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New Gene Research Shows Potential of Melanoma in Dark-eyed, Easy Tanners
Posted: April 24, 2009
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Previous research has identified more than 50 versions of the MCIR gene, about four of which have been linked to an increased risk for melanoma, Kanetsky said. In the study, about 70% of the healthy participants had some variant of the gene, and nearly 27% had one of the four high-risk variants. Among the participants with melanoma, about 78% had a gene variant and 43% had a high-risk variant.
Those who had dark eyes and an MCIR variant had a about a threefold greater risk of developing melanoma than did those with dark eyes but no variant. Those who did not freckle but who had the high-risk variant had an eightfold increased risk, and those who tanned moderately or deeply after repeated sun exposure had about twice the risk.
"They're finding that in people who are able to tan, who conceivably could have been educated not to worry about the sun, the presence of those variants does confer increased risk of developing melanoma, compared to those who do not have the MCIR variant," said Dr. David Fisher, chief of dermatology at Massachusetts General Hospital and a dermatology professor at Harvard Medical School.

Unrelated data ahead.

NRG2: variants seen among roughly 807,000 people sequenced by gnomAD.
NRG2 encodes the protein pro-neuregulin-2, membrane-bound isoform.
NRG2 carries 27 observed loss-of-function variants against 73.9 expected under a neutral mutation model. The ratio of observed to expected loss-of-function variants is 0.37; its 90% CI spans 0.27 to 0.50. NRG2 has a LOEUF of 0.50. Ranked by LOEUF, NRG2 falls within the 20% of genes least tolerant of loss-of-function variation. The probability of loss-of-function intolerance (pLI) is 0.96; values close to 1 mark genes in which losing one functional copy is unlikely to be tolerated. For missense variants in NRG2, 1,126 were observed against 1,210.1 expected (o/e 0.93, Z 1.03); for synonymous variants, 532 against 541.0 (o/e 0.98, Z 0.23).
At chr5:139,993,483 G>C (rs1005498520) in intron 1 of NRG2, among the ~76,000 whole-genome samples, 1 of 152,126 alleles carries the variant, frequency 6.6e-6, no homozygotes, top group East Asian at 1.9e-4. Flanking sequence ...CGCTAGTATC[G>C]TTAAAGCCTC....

Having a variation of the MCIR gene has been shown in prior research to be associated with having red hair, freckles and fair skin. It's also been associated with a higher risk of melanoma, even when adjusting for lighter skin tone, lighter hair and lighter eyes, Kanetsky said.
In this study, the MCIR variant in people with red or blond hair did not affect melanoma rates. Researchers are not sure why the MCIR variant didn't seem to boost melanoma risk in the fair-haired group, but they suspect that other biological processes or genes could be at work, causing the increased melanoma risk.